Roof Monitoring Helps Prevent Injuries in Stone Mines
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Roof Monitoring Helps Prevent Injuries in Stone Mines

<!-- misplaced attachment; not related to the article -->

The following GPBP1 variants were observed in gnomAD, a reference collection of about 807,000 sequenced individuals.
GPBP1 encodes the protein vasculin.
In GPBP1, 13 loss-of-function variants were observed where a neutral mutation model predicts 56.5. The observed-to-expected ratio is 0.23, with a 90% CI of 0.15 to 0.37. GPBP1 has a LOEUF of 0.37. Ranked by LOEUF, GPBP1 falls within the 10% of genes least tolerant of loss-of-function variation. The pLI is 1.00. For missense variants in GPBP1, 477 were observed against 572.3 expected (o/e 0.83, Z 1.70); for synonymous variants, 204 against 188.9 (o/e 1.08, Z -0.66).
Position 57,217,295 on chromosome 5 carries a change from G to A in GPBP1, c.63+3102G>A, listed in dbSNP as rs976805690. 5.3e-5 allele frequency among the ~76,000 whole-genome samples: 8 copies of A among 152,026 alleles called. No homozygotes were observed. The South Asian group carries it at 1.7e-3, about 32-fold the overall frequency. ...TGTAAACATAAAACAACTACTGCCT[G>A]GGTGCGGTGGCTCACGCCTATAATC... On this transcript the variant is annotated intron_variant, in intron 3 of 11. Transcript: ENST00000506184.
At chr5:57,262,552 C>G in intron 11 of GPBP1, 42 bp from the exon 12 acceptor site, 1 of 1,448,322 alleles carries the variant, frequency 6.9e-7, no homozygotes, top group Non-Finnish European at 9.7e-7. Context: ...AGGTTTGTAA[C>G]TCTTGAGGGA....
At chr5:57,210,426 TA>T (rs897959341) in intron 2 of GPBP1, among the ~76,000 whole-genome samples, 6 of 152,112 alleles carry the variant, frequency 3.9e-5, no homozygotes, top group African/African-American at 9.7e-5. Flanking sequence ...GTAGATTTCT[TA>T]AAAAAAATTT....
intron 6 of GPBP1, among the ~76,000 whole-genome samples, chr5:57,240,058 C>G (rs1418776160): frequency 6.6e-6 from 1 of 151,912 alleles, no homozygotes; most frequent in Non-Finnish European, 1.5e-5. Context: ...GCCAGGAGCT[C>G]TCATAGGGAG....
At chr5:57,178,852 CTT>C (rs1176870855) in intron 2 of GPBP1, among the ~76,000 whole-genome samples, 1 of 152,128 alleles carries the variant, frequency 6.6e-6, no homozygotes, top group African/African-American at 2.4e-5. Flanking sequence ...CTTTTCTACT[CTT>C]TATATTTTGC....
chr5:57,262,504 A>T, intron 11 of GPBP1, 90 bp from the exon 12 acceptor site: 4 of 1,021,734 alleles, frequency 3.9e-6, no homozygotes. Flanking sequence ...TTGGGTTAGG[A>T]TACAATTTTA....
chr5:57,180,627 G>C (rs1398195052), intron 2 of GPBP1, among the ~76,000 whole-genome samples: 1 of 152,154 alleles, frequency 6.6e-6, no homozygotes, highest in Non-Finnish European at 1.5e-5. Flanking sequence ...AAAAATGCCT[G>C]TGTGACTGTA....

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    From 1990 to 1996, 16 states reported 92 injuries from falls of roof, rib or face in the more than 90underground stone mines in the United States (Fig.1). Missouri, Pennsylvania and Kentucky accounted for48% of the total number of injuries (Fig.2). Of this total, 11 miners were killed. Of the 11 fatalities, 10, or 91 %,were associated with unrecognized loose or failed rock within the roof beam. Additionally, unrecognized roof beam failures resulted in a majority of the falls of ground injuries occurring in underground US stone mines from1990 to 1996. his number is not large in magnitude. But a workforce of fewer than 2,000 miners makes for a high fatal-accident rate. The severity of the typical fall-of-ground injury is, in general, very high. About three-fifths of all roof; face and rib fall injuries were designated by the US Mine Safety and Health Administration (MSHA) as some kind of lost time accident. MSHA assigns each accident a severity value from one to six. A one represents a fatality, a two, a permanent disability and three, a lost time accident (Fig. 3).
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